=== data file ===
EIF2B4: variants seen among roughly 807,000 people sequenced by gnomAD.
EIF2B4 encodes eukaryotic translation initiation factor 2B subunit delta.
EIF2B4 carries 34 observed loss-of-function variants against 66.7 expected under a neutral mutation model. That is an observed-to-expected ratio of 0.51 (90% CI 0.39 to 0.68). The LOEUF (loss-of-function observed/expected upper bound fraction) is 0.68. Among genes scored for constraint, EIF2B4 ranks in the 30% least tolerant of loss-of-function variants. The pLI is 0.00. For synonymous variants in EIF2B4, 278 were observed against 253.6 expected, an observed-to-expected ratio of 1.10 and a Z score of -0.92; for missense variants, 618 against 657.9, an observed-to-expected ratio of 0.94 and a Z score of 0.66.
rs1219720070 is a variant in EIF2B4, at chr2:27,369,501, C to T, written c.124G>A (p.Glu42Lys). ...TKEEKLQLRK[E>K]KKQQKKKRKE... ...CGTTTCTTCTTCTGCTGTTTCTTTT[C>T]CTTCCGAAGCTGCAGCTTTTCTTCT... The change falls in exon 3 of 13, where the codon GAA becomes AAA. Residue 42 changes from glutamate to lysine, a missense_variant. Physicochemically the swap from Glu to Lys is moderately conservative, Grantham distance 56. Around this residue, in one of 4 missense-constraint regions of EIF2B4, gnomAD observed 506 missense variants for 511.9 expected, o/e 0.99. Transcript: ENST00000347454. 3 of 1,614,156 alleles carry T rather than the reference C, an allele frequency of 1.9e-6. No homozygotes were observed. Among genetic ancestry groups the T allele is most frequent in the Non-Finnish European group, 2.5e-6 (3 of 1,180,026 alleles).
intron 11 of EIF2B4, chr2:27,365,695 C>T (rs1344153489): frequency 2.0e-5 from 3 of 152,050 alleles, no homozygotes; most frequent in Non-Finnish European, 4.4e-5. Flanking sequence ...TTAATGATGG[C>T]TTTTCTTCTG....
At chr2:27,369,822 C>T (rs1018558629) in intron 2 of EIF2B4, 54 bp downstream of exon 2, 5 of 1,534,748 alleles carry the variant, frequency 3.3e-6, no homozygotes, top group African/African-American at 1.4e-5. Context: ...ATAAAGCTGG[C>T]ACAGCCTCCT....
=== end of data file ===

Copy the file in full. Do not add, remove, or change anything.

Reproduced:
EIF2B4: variants seen among roughly 807,000 people sequenced by gnomAD.
EIF2B4 encodes eukaryotic translation initiation factor 2B subunit delta.
EIF2B4 carries 34 observed loss-of-function variants against 66.7 expected under a neutral mutation model. That is an observed-to-expected ratio of 0.51 (90% CI 0.39 to 0.68). The LOEUF (loss-of-function observed/expected upper bound fraction) is 0.68. Among genes scored for constraint, EIF2B4 ranks in the 30% least tolerant of loss-of-function variants. The pLI is 0.00. For synonymous variants in EIF2B4, 278 were observed against 253.6 expected, an observed-to-expected ratio of 1.10 and a Z score of -0.92; for missense variants, 618 against 657.9, an observed-to-expected ratio of 0.94 and a Z score of 0.66.
rs1219720070 is a variant in EIF2B4, at chr2:27,369,501, C to T, written c.124G>A (p.Glu42Lys). ...TKEEKLQLRK[E>K]KKQQKKKRKE... ...CGTTTCTTCTTCTGCTGTTTCTTTT[C>T]CTTCCGAAGCTGCAGCTTTTCTTCT... The change falls in exon 3 of 13, where the codon GAA becomes AAA. Residue 42 changes from glutamate to lysine, a missense_variant. Physicochemically the swap from Glu to Lys is moderately conservative, Grantham distance 56. Around this residue, in one of 4 missense-constraint regions of EIF2B4, gnomAD observed 506 missense variants for 511.9 expected, o/e 0.99. Transcript: ENST00000347454. 3 of 1,614,156 alleles carry T rather than the reference C, an allele frequency of 1.9e-6. No homozygotes were observed. Among genetic ancestry groups the T allele is most frequent in the Non-Finnish European group, 2.5e-6 (3 of 1,180,026 alleles).
intron 11 of EIF2B4, chr2:27,365,695 C>T (rs1344153489): frequency 2.0e-5 from 3 of 152,050 alleles, no homozygotes; most frequent in Non-Finnish European, 4.4e-5. Flanking sequence ...TTAATGATGG[C>T]TTTTCTTCTG....
At chr2:27,369,822 C>T (rs1018558629) in intron 2 of EIF2B4, 54 bp downstream of exon 2, 5 of 1,534,748 alleles carry the variant, frequency 3.3e-6, no homozygotes, top group African/African-American at 1.4e-5. Context: ...ATAAAGCTGG[C>T]ACAGCCTCCT....